• Sanguine: A sanguine personality type communicates light-heartedly. They may appear outgoing, bubbly, gregarious, easy-going, friendly, and relationship-orientated. They might appear to be disorganized and are often late. An example of a person with a sanguine personality is Richard Branson. When engaging with this personality, you will achieve a better connection, if you first work on building a relationship with them, before proceeding directly into the negotiation.
  • Phlegmatic: A person with a phlegmatic personality appears relaxed, calm, and quiet. In discussions, they might not become involved initially or make any comments. Don’t take this as them being uninterested, they are merely considering the information that has been presented before providing their ideas. The phlegmatic’s lack of response might make you feel nervous and might cause you to talk and provide additional information to fill in any silent gaps. This isn’t necessary and might end up with you providing too much information. Lady Diana had a phlegmatic personality.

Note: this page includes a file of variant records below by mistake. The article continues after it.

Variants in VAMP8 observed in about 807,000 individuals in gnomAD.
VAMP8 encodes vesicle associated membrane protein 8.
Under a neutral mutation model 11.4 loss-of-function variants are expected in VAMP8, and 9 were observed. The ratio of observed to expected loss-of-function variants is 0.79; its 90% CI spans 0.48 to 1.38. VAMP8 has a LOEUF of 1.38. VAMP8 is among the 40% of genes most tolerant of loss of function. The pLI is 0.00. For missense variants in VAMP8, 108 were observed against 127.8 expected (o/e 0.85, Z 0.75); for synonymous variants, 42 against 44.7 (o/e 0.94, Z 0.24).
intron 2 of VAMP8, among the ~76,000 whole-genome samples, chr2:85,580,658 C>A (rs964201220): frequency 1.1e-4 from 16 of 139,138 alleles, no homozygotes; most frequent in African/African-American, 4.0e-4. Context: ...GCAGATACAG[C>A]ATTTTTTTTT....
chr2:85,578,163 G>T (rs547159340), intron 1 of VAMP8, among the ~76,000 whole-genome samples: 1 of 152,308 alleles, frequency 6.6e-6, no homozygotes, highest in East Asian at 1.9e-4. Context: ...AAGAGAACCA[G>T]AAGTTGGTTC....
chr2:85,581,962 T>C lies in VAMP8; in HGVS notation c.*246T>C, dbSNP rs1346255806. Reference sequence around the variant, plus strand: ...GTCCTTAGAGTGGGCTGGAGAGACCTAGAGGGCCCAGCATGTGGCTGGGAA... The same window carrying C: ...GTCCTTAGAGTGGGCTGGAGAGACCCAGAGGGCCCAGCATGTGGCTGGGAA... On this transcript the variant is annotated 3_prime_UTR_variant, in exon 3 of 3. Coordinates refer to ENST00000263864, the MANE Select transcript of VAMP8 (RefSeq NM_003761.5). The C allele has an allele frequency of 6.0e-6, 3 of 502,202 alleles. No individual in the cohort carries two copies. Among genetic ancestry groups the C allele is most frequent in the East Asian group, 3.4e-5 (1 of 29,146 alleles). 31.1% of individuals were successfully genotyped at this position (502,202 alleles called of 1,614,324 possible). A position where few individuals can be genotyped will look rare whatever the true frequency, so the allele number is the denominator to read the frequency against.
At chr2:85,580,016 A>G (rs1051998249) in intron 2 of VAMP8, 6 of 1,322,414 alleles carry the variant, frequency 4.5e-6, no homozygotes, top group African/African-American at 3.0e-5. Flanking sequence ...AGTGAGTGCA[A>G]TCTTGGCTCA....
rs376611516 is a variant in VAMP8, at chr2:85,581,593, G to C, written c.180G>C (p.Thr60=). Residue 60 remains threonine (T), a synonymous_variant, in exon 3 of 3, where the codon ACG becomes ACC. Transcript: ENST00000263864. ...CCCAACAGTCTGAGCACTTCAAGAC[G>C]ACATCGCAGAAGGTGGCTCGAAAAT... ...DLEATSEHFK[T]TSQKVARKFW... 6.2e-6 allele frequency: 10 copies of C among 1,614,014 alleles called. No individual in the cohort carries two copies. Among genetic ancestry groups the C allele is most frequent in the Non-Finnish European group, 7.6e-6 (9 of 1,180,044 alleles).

• Conscientious: A conscientious personality type (also described as melancholy) likes detail and facts and prefers planned rather than spontaneous behavior. They may be organized, efficient, and considered, and communicate by asking lots of questions. When speaking, they might find it hard to be direct and instead will provide you with a lot of detail. When dealing with this personality, provide them with a lot of information and allow them to ask questions.  But, to avoid getting lost in the details, chunk up the information, summarize the facts, and lead them back to the point of what is being discussed to move the discussion forward. Accountants, or people who appreciate detail, may have conscientious personality types.

 

Tip 4: Understand the other person’s negotiation style